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About astrobob

My name is Bob King and I work at the Duluth News Tribune in Duluth, Minn. as a photographer and photo editor. I'm also an amateur astronomer and have been keen on the sky since age 11. My modest credentials include membership in the American Association of Variable Star Observers (AAVSO) where I'm a regular contributor, International Meteorite Collectors Assn. and Arrowhead Astronomical Society. I also teach community education astronomy classes at our local planetarium.

31 thoughts on “Tough time finding Comet PANSTARRS? Crescent moon to the rescue!

  1. I have been hoping that the clouds move out. They are moving fast but the sky is at least 80 percent overcast. I can see just a reddish glow of sunset.

  2. OMG thank you, Bob!!!!! This update is a godsend! We should definetely see this comet now!! I hope everyone who wants to see it can spot it easily now, its truely an amazing coincidence the moon will be rising up next to it, almost like its helping us!! Nature is so amazing…

  3. Thanks, Bob! I was having a heck of time last night to no avail. Tonight: Success! PANSTARRS is a lot dimmer than I hoped, but you can still see the tail with binoculars (10x55mm). Now that I have a better idea where in the sky it was tonight, I’ll have a better time tomorrow. I was hoping to add PANSTARRS to my comet tally, and now I can. Hope you see it soon, Bob!

  4. We saw it tonight in Denver with binoculars, about 7:30. Several walls of clouds moving through but breaking briefly during that time just enough to watch for about 15 minutes. The crescent moon was such a help in locating it – without it never would have found it. What a treat.

  5. Hello Bob,
    Just thought I’d drop a note and say I did get some photos last night – there was a lot of lower horizon haze that cleared up so that I could get a window of 12 minutes. Actually pulled off the dark road (NC Hwy 64 near Pittsboro NC) and was treated to about 18 photos and had 3 or 4 really good ones.

    Thanks for keeping the updated info here. I’ll still track this comet but looking forward to ISON this winter. Hope you get a chance to see it tonight – I’ll be back out again.

  6. Thank you for this post! Your Stellarium map was immensely helpful– that and knowing ahead of time that it was very dim and hard to see. We went out after work tonight (the 13th) on the spur of the moment with a camera and tripod but no binocs, and if I hadn’t read your post I would have given up trying to find it. As it was, we finally saw it with the naked eye, and captured a much better view in the camera with a 2 second exposure just before trees hid it from view.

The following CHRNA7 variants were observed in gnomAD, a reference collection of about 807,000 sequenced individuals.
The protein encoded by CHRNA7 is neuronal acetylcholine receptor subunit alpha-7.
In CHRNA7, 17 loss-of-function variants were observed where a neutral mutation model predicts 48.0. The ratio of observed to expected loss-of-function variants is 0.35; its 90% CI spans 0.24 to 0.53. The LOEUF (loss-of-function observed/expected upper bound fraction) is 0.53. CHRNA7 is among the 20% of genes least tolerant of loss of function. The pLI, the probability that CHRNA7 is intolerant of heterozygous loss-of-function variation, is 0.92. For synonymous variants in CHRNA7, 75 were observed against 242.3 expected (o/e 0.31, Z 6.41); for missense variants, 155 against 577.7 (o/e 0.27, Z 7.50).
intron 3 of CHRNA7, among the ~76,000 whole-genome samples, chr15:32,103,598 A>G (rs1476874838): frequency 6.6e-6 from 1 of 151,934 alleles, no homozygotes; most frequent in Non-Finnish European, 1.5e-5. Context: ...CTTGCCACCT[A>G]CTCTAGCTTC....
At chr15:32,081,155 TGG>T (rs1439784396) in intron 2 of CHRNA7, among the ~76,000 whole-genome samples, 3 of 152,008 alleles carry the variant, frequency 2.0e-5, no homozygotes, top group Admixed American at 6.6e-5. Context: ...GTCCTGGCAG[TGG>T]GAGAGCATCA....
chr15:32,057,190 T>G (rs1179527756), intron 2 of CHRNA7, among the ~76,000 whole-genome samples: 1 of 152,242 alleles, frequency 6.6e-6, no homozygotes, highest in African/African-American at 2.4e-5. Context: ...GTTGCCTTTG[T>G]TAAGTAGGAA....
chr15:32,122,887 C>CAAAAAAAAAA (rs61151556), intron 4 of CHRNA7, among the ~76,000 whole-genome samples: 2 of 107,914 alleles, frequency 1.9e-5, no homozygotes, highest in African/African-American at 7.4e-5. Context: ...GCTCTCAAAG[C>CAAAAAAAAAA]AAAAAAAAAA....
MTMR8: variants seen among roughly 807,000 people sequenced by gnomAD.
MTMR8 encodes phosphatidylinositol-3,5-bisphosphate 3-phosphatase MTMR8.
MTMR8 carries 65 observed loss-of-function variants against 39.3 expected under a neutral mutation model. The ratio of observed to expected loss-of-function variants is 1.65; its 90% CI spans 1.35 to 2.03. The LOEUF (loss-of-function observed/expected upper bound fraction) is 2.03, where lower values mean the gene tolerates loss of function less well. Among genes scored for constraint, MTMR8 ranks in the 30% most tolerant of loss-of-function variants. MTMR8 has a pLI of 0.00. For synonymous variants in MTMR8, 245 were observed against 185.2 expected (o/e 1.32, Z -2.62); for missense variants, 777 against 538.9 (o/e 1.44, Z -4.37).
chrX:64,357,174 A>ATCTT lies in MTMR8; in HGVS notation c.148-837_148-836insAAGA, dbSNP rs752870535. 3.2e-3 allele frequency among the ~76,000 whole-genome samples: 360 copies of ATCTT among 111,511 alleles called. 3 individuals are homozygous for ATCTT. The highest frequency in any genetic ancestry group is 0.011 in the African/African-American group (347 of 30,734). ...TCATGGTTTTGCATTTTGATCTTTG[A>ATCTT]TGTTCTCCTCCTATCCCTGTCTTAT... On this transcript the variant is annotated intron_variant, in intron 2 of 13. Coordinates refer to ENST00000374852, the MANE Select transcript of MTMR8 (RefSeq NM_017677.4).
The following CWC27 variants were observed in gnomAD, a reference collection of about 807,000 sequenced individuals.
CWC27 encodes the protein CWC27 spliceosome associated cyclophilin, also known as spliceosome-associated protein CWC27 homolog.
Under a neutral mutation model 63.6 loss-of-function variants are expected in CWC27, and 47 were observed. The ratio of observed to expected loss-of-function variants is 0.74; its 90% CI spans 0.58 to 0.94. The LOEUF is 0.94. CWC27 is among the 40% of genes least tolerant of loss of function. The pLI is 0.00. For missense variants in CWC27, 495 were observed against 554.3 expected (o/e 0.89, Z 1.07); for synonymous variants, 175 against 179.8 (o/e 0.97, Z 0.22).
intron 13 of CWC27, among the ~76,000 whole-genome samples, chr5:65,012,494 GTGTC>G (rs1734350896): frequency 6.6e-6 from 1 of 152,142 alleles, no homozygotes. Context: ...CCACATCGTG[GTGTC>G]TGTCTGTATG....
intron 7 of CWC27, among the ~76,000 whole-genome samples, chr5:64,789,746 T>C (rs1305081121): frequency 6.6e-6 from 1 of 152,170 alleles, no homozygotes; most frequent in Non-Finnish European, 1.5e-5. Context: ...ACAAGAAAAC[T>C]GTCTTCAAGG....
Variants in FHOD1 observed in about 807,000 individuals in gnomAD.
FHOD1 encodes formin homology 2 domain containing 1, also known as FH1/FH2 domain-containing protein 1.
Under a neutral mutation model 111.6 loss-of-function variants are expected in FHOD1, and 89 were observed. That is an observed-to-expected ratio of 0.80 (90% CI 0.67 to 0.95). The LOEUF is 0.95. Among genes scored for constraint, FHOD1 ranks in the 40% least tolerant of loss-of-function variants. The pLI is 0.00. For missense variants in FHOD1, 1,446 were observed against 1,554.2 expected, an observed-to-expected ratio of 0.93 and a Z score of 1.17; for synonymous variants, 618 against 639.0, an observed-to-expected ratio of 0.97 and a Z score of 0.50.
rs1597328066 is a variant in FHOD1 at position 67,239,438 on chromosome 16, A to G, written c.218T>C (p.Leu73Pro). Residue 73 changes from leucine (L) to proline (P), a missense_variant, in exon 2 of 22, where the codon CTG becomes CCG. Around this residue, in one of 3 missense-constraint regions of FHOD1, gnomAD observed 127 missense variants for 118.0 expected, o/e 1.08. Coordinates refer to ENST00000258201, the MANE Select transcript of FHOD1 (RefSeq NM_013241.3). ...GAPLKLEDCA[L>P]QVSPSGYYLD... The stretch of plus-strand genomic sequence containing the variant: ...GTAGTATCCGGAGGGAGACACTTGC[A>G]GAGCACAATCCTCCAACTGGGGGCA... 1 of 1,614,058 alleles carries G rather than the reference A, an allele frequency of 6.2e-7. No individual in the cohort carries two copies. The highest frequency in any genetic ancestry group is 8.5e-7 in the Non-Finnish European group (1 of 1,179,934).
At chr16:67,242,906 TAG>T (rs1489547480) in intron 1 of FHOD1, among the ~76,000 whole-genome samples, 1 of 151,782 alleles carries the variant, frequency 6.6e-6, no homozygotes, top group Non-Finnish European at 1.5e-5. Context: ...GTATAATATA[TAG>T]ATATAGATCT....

• Lise,
      I’m glad the map helped – feedback on the maps is important to know how good a tool they are (or aren’t). Thanks for writing and I”m glad you got to see the comet.

  7. Hello Bob!! We really tried today in the lonestar state. We traveled way out north away from cities near Lake Texoma but haze was definetly an issue. Today , we were using 12×25 Bussell binoculars. The horizon is just so grey, even out in the country. Right now, I can only see a few stars on the west horizon but its 8:30pm here and im sure the comet is out of my view. The moon looked fabulous though!! Im thankful the moon helped as mich as it did yesterday and today even if I didnt see it. Im sure we were looking right at it but it was hiding behind the haze. Im at least happy so many people got to see it and took pictures!!

  8. *I wanted to add that we started at sunset, around 7:32pm here. I also wanted to ask viewers: has anyone else in DFW had difficulty finding it or has successfully found the comet yet?

  9. Thanks for the charts. I went out tonight (3/13/13) and was able to find it here in Naperville, Illinois. There was quite a bit of jet contrails in the west, but otherwise no clouds. It was barely naked eye visible, and through binoculars was pretty cool. I was able to get a couple decent shots of it with a DSLR and 300mm lens at 30 second exposure. Thanks again…

        • Aravind and Alsunni,
          For latitude 15 degrees north (Bangalore) the comet will be 6.5 degrees high and slightly to the north (right) of due west March 15 about 30 minutes after sunset. This is about the time you might first see it. Now through March 20, the comet will continue slowly moving to the north and drop in altitude to 4.5 degrees 30 minutes after sunset. In other words, it’s not easy to see now and will become harder in the days ahead. Scan the western horizon with binoculars each night if you hope to catch the comet. I doubt it will be visible with the naked eye from your latitude.

  10. Hi Bob! The Las Vegas sunset tonite was like a fire in the sky!! Beautiful! Too many lights to spot the comet, tho…Tomorrow I’ll try a mountain top. Maybe out near Redrock. Back in the mid 90′s, I enjoyed a long,incredible view of the Space Stations docked together from Bullhead City, AZ. Man made, and so big, you couldn’t miss it if you tried! I hope to see the God made comet tomorrow!

  11. We saw the comet last eve, March 13 from north of San Diego. There was coastal fog which may have added to the horizon haze, although we are twenty plus miles inland. Also, the bright dusk red orange color may have made it difficult to see. So on our first try, twenty to twentyfive minutes after sunset, no luck. Then went back out about fifty to fifty minutes after sunset when it was mostly dark. Sure enough, I was able to spot it, just like your picture portrayed – straight down from the moon at a five o’clock setting as it were. It was fuzzy and dim dim of course, but we could see the ball and tail above. A great treat as it won’t be back for 110K years. We used a Nikon 20x spotting scope and Eagle Optics Ranger 8×42 binoculars. Naked eye would not have been sufficient. Thanks for the info.